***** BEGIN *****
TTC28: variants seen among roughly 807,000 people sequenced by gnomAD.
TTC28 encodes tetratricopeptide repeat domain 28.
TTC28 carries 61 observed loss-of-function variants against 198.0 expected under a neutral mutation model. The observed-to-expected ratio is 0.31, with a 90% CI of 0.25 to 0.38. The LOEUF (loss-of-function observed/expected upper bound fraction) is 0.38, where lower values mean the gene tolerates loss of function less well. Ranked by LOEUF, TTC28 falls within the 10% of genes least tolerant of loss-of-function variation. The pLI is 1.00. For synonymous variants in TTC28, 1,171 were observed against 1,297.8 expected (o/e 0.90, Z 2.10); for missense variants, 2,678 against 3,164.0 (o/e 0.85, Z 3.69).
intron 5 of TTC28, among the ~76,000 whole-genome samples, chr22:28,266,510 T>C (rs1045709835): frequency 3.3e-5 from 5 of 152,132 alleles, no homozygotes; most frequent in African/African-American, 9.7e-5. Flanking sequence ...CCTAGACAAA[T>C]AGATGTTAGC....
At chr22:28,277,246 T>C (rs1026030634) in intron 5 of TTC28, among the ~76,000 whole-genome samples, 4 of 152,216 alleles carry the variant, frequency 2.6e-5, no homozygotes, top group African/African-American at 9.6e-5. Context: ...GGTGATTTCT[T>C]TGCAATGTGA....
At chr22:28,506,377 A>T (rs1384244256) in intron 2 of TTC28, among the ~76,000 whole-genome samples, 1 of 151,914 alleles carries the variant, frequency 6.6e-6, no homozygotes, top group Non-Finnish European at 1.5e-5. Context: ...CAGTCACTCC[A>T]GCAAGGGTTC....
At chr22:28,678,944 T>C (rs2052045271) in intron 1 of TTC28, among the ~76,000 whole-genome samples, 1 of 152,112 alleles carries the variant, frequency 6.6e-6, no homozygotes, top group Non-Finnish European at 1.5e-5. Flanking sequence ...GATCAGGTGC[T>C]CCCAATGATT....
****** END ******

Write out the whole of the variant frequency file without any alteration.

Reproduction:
TTC28: variants seen among roughly 807,000 people sequenced by gnomAD.
TTC28 encodes tetratricopeptide repeat domain 28.
TTC28 carries 61 observed loss-of-function variants against 198.0 expected under a neutral mutation model. The observed-to-expected ratio is 0.31, with a 90% CI of 0.25 to 0.38. The LOEUF (loss-of-function observed/expected upper bound fraction) is 0.38, where lower values mean the gene tolerates loss of function less well. Ranked by LOEUF, TTC28 falls within the 10% of genes least tolerant of loss-of-function variation. The pLI is 1.00. For synonymous variants in TTC28, 1,171 were observed against 1,297.8 expected (o/e 0.90, Z 2.10); for missense variants, 2,678 against 3,164.0 (o/e 0.85, Z 3.69).
intron 5 of TTC28, among the ~76,000 whole-genome samples, chr22:28,266,510 T>C (rs1045709835): frequency 3.3e-5 from 5 of 152,132 alleles, no homozygotes; most frequent in African/African-American, 9.7e-5. Flanking sequence ...CCTAGACAAA[T>C]AGATGTTAGC....
At chr22:28,277,246 T>C (rs1026030634) in intron 5 of TTC28, among the ~76,000 whole-genome samples, 4 of 152,216 alleles carry the variant, frequency 2.6e-5, no homozygotes, top group African/African-American at 9.6e-5. Context: ...GGTGATTTCT[T>C]TGCAATGTGA....
At chr22:28,506,377 A>T (rs1384244256) in intron 2 of TTC28, among the ~76,000 whole-genome samples, 1 of 151,914 alleles carries the variant, frequency 6.6e-6, no homozygotes, top group Non-Finnish European at 1.5e-5. Context: ...CAGTCACTCC[A>T]GCAAGGGTTC....
At chr22:28,678,944 T>C (rs2052045271) in intron 1 of TTC28, among the ~76,000 whole-genome samples, 1 of 152,112 alleles carries the variant, frequency 6.6e-6, no homozygotes, top group Non-Finnish European at 1.5e-5. Flanking sequence ...GATCAGGTGC[T>C]CCCAATGATT....